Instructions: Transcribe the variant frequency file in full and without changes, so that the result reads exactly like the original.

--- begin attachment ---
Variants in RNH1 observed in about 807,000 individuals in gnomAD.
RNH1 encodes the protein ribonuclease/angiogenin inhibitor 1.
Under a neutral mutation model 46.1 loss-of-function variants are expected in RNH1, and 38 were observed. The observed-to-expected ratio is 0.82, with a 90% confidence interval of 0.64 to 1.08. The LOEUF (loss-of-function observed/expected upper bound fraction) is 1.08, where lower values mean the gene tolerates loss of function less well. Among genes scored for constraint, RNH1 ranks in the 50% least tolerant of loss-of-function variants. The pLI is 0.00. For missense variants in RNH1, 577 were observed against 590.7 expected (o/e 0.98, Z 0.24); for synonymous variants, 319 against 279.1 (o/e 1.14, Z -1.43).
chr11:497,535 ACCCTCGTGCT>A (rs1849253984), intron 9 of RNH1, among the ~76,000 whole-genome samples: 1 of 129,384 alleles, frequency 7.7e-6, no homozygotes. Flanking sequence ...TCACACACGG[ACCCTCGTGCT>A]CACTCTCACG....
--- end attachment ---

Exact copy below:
Variants in RNH1 observed in about 807,000 individuals in gnomAD.
RNH1 encodes the protein ribonuclease/angiogenin inhibitor 1.
Under a neutral mutation model 46.1 loss-of-function variants are expected in RNH1, and 38 were observed. The observed-to-expected ratio is 0.82, with a 90% confidence interval of 0.64 to 1.08. The LOEUF (loss-of-function observed/expected upper bound fraction) is 1.08, where lower values mean the gene tolerates loss of function less well. Among genes scored for constraint, RNH1 ranks in the 50% least tolerant of loss-of-function variants. The pLI is 0.00. For missense variants in RNH1, 577 were observed against 590.7 expected (o/e 0.98, Z 0.24); for synonymous variants, 319 against 279.1 (o/e 1.14, Z -1.43).
chr11:497,535 ACCCTCGTGCT>A (rs1849253984), intron 9 of RNH1, among the ~76,000 whole-genome samples: 1 of 129,384 alleles, frequency 7.7e-6, no homozygotes. Flanking sequence ...TCACACACGG[ACCCTCGTGCT>A]CACTCTCACG....